There are some very positive aspects of this proposal. The problematic word ‘profits’ is out; the word ‘cash-flow’ is in. Taxation is based on activities that are difficult to manipulate, rather than on accounting profits. The intangible and extremely mobile factors are no longer part of the equation. Overall, the proposed reform resembles the highly successful value added consumption tax (VAT), where it is the activity (consumption) of the consumer that is taxed rather than her income. The ‘destination-based cash-flow’ tax is indeed a VAT tax (taxing domestic sales) put together with a payroll subsidy (deducting labour costs).
There are, however, some problems. For example, the proposal may fall foul of WTO rules as it both imposes an additional tax upon the importation of a good and indirectly subsidises exports. While WTO has approved the use of destination-based VAT for indirect taxation, it has not approved them for direct taxation. By allowing deduction of labour costs the proposal looks very much like a direct tax, thereby making it uncertain whether WTO will approve it. Moreover, even if it is approved, destination based VAT instruments have been around some time now and are not without problems. The VAT fraud in the EU is the most well-known example, and no solution is possible without more cooperation among countries. Finally, experience shows that VAT taxation takes 2-3 years to be implemented. That may be a conservative estimate when such a company tax reform will be the first of its kind in the world, creating uncertainty for some time.
Is Trump’s ‘destination-based cash-flow’ tax a viable proposal?
The scholarly literature suggests it is, if all countries impose it at the same time. With only one country imposing it, there will many issues that have not been thought through. The lesson from past experiences is that cooperation among countries is the only viable way forward for designing corporate taxes for firms that operate around the world. An example of this is seen right now within the European Union, where there is a movement towards implementing a Formula Apportionment method for taxing corporate profits. Under this method countries first agree what is the common consolidated tax base (i.e. firms’ total profit). Thereafter, this profit will be apportioned among the countries according to the activity that the firm has in each country. Taxing firm’s profits according to location-based activity is the system that the U.S. has used internally among its states for the last 40 years. This is similar for Canada among provinces, Switzerland among cantons and Germany among landers — all federal countries with a strong will to cooperate.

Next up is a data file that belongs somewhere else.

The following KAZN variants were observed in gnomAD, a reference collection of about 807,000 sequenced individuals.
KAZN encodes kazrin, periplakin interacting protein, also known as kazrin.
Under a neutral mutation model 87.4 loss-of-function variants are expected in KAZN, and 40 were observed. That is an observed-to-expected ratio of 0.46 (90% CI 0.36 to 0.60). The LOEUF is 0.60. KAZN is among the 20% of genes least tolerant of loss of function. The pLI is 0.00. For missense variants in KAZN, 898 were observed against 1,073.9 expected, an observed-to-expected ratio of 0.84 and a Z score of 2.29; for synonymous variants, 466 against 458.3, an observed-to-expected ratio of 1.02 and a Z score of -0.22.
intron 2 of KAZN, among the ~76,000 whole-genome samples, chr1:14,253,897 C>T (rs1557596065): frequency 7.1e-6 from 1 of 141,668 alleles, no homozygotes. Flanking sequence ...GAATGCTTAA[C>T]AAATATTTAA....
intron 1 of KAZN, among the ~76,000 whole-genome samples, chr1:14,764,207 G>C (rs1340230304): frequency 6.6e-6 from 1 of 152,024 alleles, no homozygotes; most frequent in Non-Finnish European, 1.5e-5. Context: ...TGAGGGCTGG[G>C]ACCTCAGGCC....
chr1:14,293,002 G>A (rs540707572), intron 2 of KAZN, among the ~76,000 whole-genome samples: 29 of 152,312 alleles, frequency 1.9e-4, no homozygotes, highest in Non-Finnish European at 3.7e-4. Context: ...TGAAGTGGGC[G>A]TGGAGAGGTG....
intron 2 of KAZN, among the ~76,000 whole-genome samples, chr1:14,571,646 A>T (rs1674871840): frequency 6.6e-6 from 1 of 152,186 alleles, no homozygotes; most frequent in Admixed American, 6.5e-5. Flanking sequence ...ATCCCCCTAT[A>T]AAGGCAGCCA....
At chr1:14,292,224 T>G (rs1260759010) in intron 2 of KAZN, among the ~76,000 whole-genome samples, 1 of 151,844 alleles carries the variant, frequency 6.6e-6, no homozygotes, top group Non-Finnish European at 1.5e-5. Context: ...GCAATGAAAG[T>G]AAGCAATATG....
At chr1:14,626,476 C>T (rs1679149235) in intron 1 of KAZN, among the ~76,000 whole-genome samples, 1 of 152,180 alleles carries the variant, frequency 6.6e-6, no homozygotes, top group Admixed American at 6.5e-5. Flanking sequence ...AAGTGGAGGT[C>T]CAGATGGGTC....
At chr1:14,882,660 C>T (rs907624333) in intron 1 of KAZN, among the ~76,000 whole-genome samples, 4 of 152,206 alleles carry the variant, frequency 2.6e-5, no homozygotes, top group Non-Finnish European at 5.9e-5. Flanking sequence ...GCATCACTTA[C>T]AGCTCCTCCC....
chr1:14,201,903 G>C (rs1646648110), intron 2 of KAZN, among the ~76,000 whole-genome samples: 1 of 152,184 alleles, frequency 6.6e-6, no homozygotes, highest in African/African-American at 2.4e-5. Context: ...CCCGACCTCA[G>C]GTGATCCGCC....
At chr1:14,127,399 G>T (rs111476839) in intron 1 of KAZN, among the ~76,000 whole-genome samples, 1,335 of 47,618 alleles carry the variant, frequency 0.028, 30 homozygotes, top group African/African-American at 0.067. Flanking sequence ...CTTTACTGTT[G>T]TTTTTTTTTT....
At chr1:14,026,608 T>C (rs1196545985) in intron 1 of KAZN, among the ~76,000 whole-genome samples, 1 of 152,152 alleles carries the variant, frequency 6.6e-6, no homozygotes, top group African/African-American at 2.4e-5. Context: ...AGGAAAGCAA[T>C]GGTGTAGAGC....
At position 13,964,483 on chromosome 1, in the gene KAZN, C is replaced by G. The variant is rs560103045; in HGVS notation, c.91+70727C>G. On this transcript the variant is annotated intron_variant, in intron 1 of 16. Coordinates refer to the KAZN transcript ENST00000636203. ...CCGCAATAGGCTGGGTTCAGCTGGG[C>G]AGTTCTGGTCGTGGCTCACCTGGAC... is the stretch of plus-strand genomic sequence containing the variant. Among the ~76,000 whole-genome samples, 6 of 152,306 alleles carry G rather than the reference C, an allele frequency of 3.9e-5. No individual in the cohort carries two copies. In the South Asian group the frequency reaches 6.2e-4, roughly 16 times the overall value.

Of course, with President Trump’s eye on quick gains for America and not on long-run multilateral agreements, such a cooperative reform seems unlikely. The destination-based cash flow tax contains a lot of positive things that, if legal under WTO, might be the way forward for unilateral reforms of the corporate tax system. That said, the hasty introduction of a non-cooperative international corporate tax regime heightens administration and compliance costs for MNEs. It creates more uncertainty in the international business environment that may deter investments at a time when growth is needed. Overall, the Trump administration’s proposal may ultimately harm the very tax base it seeks to protect.